The board of insurance regulator IRDAI is scheduled to meet on June 29 under the new chairman Subhas Khuntia to approve the much awaited revamped `Reinsurance Regulations.

 Though, the new set of reinsurance regulation were expected to be finalised by April, it couldn’t be done as the regulatory body was headless between February end to Apr end. 


The IRDA on 5th May, 2017.had constituted an `Expert Committee on Reinsurance’ headed by former member of IRDAI, M Ramprasad to revamp the existing reinsurance regulations set-up to further streamline reinsurance operations in the country. 

The committee, that had members including foreign reinsurers and other experts, had unveiled the draft regulation “Insurance Regulatory and Development Authority of India (Reinsurance) Regulations, 2018’ for industry feed-back on Jan  05. 


The Draft Regulations seek to do away with different categories (i.e. Category I and Category II) of applicants, currently mentioned under the FRB Regulations and Lloyd’s Regulations. It is proposed that an applicant shall make a requisition for registration application for reinsurance business wherein the branch office of a foreign reinsurer (FRB) shall maintain a minimum retention of 50% of the Indian reinsurance business.


The Draft Regulations propose changes to certain existing definitions in the General Reinsurance Regulations and Life Reinsurance Regulations. It also proposes to introduce new definitions of the terms like alternative risk transfer (ART),Reinsurance Slip, Retrocedant,inclusion of “crop” as a separate Insurance Segment, Board,Exempted Insurer, International Financial Service Centre
Insurance Office (IIO). 

The revamped regulations also aim to ensure that maximum reinsurance business is retained within the country and preference would be given to Indian domiciled entities — with the first right of refusal lying with the GIC Re and then cascading down to foreign reinsurers (FRBs) and other ‘Indian reinsurers’. The spillover should be placed with cross border reinsurers (CBRs), fulfilling certain laid-down criteria.

However the foreign reinsurers both inside and outside India were against GIC Re continuing to be provided with special power of `first right to refusal’


Winfried Heinen, Chairman of the Executive Board of Directors of General  Reinsurance AG had earlier said,“We are glad we are now allowed to have operation through a branch that did not exist earlier in India. But, there are still quite some hurdles that could be removed. I think I am not speaking on behalf of Gen Re alone but for all international reinsurers.Reinsurers do like open competition. The more we diversify, the better we can use our capital. Clearly there is a consensus in the international reinsurance market that minimum protectionism and low legal hurdles will benefit the Indian market.’’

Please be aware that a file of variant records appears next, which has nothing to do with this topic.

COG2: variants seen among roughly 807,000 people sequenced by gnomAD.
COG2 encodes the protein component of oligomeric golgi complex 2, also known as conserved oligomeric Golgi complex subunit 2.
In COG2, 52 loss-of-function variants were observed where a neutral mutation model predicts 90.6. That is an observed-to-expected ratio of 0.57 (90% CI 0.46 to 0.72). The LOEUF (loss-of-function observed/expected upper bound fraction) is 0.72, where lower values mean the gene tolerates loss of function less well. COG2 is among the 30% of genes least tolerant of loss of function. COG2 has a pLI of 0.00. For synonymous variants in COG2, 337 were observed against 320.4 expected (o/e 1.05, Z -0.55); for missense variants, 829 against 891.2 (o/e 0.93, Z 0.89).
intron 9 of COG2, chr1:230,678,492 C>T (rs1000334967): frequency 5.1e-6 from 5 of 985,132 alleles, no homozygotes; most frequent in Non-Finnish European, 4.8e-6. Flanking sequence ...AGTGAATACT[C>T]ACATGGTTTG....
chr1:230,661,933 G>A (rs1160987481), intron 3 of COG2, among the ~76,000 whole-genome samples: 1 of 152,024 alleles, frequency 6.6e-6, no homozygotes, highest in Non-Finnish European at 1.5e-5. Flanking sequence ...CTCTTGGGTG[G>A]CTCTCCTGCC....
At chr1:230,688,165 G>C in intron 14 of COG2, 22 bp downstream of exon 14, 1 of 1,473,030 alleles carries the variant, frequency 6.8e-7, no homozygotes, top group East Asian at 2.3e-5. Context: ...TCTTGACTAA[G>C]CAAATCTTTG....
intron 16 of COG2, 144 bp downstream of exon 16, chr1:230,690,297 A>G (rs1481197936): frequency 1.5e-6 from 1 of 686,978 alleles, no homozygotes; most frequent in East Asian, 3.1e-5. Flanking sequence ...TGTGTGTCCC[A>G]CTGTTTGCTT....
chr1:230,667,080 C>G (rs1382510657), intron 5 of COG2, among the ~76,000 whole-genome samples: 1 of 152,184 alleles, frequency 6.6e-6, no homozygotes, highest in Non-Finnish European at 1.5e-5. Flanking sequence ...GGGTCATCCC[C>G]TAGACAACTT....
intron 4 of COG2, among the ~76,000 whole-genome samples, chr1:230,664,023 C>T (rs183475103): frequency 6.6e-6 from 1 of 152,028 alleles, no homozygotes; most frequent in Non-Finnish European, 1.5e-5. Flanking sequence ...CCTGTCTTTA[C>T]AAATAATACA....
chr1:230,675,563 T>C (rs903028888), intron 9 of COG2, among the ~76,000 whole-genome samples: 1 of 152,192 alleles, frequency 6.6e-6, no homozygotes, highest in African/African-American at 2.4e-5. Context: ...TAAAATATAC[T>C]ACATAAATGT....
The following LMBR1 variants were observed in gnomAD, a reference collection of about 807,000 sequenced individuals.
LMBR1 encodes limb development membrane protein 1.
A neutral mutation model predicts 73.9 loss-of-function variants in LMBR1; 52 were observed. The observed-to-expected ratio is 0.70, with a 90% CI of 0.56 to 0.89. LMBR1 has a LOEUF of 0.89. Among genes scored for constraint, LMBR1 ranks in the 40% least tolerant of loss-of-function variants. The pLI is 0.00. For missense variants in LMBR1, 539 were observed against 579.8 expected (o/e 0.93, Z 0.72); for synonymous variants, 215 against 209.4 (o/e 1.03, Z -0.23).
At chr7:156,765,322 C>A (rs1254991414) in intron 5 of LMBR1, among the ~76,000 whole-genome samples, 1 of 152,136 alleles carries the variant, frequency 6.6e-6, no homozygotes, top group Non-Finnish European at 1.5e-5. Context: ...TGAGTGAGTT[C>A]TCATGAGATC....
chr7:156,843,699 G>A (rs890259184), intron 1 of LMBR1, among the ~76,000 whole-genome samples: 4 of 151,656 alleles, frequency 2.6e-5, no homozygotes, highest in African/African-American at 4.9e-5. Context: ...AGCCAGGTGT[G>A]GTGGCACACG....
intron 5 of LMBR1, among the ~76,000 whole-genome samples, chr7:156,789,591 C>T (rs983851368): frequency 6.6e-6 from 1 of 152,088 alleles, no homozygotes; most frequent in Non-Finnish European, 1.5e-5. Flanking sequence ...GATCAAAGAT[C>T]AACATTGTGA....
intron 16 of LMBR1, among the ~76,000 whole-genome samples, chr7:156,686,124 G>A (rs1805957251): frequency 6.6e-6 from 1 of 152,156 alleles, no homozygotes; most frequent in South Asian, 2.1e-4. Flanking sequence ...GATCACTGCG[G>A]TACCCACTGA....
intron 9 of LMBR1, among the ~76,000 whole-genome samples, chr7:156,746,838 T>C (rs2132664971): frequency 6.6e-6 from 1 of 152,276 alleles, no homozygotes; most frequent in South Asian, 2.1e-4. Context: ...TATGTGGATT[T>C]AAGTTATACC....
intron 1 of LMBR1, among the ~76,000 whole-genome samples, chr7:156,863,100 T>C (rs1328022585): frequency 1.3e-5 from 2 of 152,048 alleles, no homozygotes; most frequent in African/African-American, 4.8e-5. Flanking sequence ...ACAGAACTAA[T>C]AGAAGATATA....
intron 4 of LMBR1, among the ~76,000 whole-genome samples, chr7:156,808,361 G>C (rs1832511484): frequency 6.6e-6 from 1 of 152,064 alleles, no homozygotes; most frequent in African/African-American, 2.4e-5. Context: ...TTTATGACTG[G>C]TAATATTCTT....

However, those defend the GIC Re’s special status in any reinsurance transaction say that India is not alone in ensuring the special role for local players.


Regulators in the US, for example, mandate that the reinsurance bought from overseas is supported by a collateral security executed in favour of the buyer. In Australia, the regulator imposes withholding charges which dent the solvency levels of such buyers. Indonesia, for one, imposes more forthright preferential treatment of local reinsurers. So does, Brazil, said the industry players.

The draft regulation among other things also recommended allowing  ART-the use of techniques other than traditional insurance and reinsurance to provide risk bearing entities with coverage or protection. 


The term “ART” in the draft regulations has been defined to mean structured reinsurance solutions that are tailored to specific needs and profile of an insurer or reinsurer. An Indian Insurer has to submit specific proposals on ART solutions to IRDAI, which after necessary examination and on being satisfied with the type of ART solutions, the risk transfer tests and other related matters may allow the ART proposal on a case to case basis by recording the basis and terms.


India had opened its door the  FRBs in 2016, after the Insurance Act was amended with stringent pre-conditions obtaining FRB licence. Currently, there are eight such branches including Lloyds and two more are in the pipeline.


The size of the Indian non-life market, which is more reinsurance intensive as against life insurance, was estimated to be Rs 1.26 lakh crore last fiscal, out of which, nearly Rs 28, 900 crore is given out as reinsurance premium. Out of this, Rs 1,1000 crore was sent out to overseas reinsurers — CBRs.